This document describes how to get started with Silver Lining using
Creating a Layout
First thing you have to do (after installing Silver Lining of course)
is create an environment for your new application. Do that like::
$ silver init sampleapp
This creates a directory ``sampleapp/`` with a basic layout. The
first thing we'll do is set up version control for our project.
For the sake of documentation, imagine you go to `bitbucket
<http://bitbucket.org>`_ and create two new repositories, one called
``sampleapp`` and another called ``sampleapp-lib`` (and for the
examples we'll use the username ``USER``).
We'll go into our new environment and use these::
$ cd sampleapp
$ hg clone http://bitbucket.org/USER/sampleapp src/sampleapp
$ rm -r lib/python/
$ hg clone http://bitbucket.org/USER/sampleapp-lib lib/python
$ mkdir lib/python/bin/
$ echo "syntax: glob
" > lib/python/.hgignore
$ mv bin/* lib/python/bin/
$ rmdir bin/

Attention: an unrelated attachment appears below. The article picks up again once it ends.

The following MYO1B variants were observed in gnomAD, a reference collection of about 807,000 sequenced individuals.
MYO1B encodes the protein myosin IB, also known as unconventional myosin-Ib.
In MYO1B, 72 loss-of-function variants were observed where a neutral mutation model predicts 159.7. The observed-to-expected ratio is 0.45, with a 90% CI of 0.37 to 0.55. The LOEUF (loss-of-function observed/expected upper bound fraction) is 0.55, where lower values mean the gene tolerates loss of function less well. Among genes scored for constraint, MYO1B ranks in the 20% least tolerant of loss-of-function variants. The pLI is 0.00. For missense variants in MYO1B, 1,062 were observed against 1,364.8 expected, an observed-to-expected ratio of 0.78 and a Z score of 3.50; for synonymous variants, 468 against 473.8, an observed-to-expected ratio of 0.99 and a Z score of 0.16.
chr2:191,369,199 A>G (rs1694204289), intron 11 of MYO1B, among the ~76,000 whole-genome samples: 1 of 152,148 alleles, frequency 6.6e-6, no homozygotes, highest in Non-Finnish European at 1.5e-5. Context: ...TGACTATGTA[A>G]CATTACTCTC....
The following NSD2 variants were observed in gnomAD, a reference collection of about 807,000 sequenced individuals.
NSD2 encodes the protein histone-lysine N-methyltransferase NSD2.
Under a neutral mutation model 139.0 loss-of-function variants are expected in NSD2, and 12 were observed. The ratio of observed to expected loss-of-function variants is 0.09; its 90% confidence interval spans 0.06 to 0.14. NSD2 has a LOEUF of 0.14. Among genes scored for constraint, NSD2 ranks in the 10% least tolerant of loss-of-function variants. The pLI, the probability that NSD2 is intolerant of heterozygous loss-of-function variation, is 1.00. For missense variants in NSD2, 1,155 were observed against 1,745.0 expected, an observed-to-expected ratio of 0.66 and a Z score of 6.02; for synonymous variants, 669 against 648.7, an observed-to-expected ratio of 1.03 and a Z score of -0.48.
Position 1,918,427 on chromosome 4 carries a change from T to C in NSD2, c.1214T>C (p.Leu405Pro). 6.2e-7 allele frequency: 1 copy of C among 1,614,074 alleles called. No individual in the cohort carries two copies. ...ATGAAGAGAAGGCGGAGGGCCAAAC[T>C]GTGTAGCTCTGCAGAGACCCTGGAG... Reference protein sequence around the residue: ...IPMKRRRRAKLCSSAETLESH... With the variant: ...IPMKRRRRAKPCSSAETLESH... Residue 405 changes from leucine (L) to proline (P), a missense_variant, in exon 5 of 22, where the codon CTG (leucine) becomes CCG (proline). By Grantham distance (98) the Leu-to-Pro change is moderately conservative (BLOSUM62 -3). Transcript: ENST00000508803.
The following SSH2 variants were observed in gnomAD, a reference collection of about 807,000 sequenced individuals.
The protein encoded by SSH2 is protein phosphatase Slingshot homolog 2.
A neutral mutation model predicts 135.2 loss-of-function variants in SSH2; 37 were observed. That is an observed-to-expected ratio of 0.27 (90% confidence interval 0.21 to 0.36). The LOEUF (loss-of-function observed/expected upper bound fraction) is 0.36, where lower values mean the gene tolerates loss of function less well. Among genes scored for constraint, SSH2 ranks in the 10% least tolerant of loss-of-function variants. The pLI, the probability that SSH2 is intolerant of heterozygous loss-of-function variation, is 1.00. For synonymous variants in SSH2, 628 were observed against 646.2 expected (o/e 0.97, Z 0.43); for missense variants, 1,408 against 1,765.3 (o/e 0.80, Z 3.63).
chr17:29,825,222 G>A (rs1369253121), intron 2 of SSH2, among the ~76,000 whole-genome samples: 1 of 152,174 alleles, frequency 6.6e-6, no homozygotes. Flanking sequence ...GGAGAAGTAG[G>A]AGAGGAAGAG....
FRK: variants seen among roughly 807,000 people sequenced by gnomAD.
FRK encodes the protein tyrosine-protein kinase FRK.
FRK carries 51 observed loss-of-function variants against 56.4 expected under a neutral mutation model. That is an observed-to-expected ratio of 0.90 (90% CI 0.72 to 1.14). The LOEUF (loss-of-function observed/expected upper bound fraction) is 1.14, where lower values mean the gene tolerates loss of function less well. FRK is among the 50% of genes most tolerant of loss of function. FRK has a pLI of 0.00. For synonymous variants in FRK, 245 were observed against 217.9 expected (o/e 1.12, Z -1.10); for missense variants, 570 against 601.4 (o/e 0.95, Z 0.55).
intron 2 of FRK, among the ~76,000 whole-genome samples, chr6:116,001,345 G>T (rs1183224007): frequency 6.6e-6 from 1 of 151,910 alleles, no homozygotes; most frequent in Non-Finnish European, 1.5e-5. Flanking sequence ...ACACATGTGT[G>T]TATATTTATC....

$ ln -s lib/python/bin bin
Now there is a basic layout setup, with all your libraries going into
the ``sampleapp-lib`` repository, and your main application in the
Next we'll install Django::
$ source bin/activate
$ pip install Django
Then we'll set up a standard Django site::
$ cd src/sampleapp
$ django-admin.py startproject sampleapp
Also we'd like to be able to import this file. It'd be nice if there
was a ``setup.py`` file, and we could run ``pip -e src/sampleapp``,
but ``django-admin.py`` doesn't create that itself. Instead we'll get
that on the import path more manually with a ``.pth`` file::
$ echo "../../src/sampleapp" > lib/python/sampleapp.pth
That files will cause ``../../src/sampleapp`` (relative to the .pth
file itself) to be on ``sys.path``, which means when you run ``from
sampleapp import settings`` (for example) it will know to find it in
``src/sampleapp/sampleapp/settings.py``. Not all Django projects are
setup this way -- applications are often not in a namespace, for
example. But I think it's simply good practice to keep code
partitioned into namespaces.
Also there's the tricky ``$DJANGO_SETTINGS_MODULE`` that you might
have had problems with before. We'll use the file
``lib/python/silvercustomize.py`` (which is imported everytime Python is
started) to make sure that is always set::
$ echo "import os
os.environ['DJANGO_SETTINGS_MODULE'] = 'sampleapp.settings'
" > lib/python/silvercustomize.py
Also we have a file ``src/sampleapp/sampleapp/manage.py``, and that
file doesn't work *quite* how we'd like. Instead we'll put a file
into ``bin/manage.py`` that does the same thing::
$ rm sampleapp/manage.py